The compact disk (CD), introduced in the United States just 24 years ago, revolutionized the music business. Many serious (or obsessive) music lovers ran out and replaced their entire vinyl or tape-based collections with these CDs. They invested thousands of dollars in this next, and supposedly final, way to store and transport their libraries.
Yet the CD is on the way out for this consumer application. According to music-industry market-research sources, sales of the CD as a music medium have dropped about 20% since last year. While these officially counted sales do not include the purchase of CDs for “personal” use in file sharing and ripping, it's still pretty clear that the CD role as a primary medium for music is fading fast.
So, have people cut back on their music listening? Of course not. The CD has been replaced, in large part, by non-volatile storage using flash memory and MP3 players and iPods. If anything, there's more music attached to more ears than ever before.
I'm not here to bemoan the loss of the CD as a music medium, just as I won't shed tears for the previous types of “be-all, end-all” media. We've had the vinyl LP, the eight-track tape, the Philips cassette tape, the CD, CD carousels, hard-disk-based systems, server-based systems, among others, each serving a niche and market need in a certain way. Many of these dominated the music-storage market, until they didn't any more. It's that simple.
The lesson here is that a storage medium which seems “forever” not only isn't forever; it actually has a fairly short life. I suspect that the rate of change will increase, as well, so the flash-centric formats we now find everywhere may be obsolete in a decade or so, who knows?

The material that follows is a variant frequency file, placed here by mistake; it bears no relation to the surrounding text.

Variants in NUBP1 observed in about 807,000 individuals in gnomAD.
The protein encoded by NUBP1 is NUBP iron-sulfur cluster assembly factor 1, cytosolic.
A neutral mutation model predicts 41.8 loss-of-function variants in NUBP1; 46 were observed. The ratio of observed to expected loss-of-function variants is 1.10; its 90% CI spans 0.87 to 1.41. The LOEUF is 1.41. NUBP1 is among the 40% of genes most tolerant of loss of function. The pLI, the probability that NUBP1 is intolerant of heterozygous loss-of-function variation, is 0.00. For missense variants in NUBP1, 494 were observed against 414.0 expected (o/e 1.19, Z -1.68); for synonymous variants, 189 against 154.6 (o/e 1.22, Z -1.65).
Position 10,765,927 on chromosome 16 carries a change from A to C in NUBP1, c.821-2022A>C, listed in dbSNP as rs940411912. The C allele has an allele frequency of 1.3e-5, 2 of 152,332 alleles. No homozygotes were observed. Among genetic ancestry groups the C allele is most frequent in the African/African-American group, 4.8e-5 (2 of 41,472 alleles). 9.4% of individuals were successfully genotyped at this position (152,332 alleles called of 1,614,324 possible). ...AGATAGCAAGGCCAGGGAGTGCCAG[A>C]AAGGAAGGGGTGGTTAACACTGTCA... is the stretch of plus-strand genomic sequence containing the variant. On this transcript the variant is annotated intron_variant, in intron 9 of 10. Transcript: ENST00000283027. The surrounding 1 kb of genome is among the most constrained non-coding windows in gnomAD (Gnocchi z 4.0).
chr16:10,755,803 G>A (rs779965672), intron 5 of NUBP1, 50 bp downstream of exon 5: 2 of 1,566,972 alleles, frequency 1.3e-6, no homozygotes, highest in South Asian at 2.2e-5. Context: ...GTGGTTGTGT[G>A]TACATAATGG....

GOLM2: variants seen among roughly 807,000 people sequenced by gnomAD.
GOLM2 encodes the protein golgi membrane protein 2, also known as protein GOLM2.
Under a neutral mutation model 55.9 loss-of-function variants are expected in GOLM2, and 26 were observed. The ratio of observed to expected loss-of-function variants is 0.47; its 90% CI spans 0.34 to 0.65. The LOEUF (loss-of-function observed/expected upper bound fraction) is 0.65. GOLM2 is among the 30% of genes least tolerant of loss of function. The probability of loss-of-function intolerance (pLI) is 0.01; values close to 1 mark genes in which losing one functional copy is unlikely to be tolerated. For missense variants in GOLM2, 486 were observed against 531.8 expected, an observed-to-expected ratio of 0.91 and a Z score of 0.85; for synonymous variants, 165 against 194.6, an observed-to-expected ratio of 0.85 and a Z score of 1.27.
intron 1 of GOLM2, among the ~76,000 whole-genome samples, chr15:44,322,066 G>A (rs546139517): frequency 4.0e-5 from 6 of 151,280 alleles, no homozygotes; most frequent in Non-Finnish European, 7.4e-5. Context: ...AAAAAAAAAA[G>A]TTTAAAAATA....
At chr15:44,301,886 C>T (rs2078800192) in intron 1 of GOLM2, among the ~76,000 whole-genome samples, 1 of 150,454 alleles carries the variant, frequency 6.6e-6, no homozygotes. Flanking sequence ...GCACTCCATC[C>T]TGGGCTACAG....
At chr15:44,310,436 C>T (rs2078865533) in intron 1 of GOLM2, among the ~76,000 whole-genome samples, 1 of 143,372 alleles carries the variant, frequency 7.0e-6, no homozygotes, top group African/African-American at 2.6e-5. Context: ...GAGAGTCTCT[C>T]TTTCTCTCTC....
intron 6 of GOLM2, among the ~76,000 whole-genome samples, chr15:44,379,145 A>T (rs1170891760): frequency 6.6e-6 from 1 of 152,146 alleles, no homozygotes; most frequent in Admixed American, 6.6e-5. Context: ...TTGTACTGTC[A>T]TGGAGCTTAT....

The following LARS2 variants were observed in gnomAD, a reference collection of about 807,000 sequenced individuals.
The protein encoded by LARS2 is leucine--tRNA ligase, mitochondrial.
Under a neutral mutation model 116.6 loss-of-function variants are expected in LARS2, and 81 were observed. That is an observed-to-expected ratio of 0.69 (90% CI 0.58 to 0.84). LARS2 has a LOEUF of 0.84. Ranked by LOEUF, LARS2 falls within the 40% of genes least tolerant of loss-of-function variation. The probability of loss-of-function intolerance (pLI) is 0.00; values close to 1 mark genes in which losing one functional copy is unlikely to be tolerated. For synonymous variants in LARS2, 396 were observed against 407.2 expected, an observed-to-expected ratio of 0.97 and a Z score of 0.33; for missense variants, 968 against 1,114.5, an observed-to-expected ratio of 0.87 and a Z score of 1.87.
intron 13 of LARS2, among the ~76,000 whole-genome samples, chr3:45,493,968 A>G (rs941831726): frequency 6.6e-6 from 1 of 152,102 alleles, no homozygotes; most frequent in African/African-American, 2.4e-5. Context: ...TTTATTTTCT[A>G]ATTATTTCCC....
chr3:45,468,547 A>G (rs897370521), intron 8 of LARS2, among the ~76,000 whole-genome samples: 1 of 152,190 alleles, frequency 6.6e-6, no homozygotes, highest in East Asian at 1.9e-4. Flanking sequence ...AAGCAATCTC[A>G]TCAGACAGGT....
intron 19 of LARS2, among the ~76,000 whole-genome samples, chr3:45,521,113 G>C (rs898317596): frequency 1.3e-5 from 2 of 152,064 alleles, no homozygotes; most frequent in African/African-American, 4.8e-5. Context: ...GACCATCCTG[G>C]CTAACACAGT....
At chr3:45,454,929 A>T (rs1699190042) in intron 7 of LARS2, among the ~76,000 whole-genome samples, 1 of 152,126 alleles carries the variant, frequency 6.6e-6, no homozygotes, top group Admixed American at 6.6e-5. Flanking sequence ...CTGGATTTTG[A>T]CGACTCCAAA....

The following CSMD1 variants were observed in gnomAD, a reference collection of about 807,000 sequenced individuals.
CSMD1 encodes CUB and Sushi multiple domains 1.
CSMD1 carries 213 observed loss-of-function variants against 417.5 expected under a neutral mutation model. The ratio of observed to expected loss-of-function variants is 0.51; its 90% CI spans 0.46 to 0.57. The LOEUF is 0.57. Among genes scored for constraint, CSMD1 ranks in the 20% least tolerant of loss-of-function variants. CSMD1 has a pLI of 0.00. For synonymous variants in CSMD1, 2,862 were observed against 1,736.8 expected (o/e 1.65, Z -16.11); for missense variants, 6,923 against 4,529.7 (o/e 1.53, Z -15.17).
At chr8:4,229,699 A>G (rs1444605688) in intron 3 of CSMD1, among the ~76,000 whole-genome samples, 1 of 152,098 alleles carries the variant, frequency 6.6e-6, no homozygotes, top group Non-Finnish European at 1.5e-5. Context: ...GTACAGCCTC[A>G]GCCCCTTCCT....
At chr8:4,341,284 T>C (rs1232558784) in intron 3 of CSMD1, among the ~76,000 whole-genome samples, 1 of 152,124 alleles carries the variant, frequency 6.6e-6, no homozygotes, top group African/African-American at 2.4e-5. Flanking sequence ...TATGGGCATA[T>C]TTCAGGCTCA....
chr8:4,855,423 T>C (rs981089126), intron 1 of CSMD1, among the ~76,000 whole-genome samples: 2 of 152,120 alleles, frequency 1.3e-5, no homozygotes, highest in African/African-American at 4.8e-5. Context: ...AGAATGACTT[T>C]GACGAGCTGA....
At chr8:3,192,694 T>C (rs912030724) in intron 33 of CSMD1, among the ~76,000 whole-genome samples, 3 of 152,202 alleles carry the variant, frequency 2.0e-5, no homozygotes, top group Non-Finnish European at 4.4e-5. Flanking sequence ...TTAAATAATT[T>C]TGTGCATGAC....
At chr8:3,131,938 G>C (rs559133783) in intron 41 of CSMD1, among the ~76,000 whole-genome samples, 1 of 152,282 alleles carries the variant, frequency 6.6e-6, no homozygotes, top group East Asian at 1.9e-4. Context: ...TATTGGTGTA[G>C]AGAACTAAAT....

But there is some irony here as well, since the physical medium may deteriorate before the format is no longer viable. Commercially pressed CDs probably have a life of around 25 years, according to various reputable sources (polycarbonate and other plastics are not “forever”), but burned CDs have shorter life and are more susceptible to temperature and other storage extremes because of their use of a dye layer. The true lifetime of flash memory is also not known with certainty, and probably depends on the quality of the manufacturing process, ambient temperature, and other factors. So what was true for magnetic storage is also true for these new media: be careful what you count on for permanence, there is no such thing in high-tech storage.
So, is anyone interested in some 8-inch or 5-inch floppy disks, BTW? Or big reels of computer tape?